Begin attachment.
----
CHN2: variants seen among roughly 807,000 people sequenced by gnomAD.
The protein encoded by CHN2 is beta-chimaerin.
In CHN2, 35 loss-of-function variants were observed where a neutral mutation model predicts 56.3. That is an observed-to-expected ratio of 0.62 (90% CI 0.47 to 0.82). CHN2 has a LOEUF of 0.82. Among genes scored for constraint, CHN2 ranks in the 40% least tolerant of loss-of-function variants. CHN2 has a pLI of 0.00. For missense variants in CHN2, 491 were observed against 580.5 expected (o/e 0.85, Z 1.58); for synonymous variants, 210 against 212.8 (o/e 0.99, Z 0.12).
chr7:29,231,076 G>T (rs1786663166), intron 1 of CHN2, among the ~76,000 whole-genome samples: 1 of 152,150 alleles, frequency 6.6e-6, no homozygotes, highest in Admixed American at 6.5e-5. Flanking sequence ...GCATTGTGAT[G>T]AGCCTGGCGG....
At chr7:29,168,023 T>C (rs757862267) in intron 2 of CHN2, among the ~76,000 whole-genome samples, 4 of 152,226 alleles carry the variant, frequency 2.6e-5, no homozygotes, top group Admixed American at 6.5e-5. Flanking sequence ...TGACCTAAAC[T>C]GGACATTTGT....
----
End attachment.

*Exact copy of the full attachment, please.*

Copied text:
CHN2: variants seen among roughly 807,000 people sequenced by gnomAD.
The protein encoded by CHN2 is beta-chimaerin.
In CHN2, 35 loss-of-function variants were observed where a neutral mutation model predicts 56.3. That is an observed-to-expected ratio of 0.62 (90% CI 0.47 to 0.82). CHN2 has a LOEUF of 0.82. Among genes scored for constraint, CHN2 ranks in the 40% least tolerant of loss-of-function variants. CHN2 has a pLI of 0.00. For missense variants in CHN2, 491 were observed against 580.5 expected (o/e 0.85, Z 1.58); for synonymous variants, 210 against 212.8 (o/e 0.99, Z 0.12).
chr7:29,231,076 G>T (rs1786663166), intron 1 of CHN2, among the ~76,000 whole-genome samples: 1 of 152,150 alleles, frequency 6.6e-6, no homozygotes, highest in Admixed American at 6.5e-5. Flanking sequence ...GCATTGTGAT[G>T]AGCCTGGCGG....
At chr7:29,168,023 T>C (rs757862267) in intron 2 of CHN2, among the ~76,000 whole-genome samples, 4 of 152,226 alleles carry the variant, frequency 2.6e-5, no homozygotes, top group Admixed American at 6.5e-5. Flanking sequence ...TGACCTAAAC[T>C]GGACATTTGT....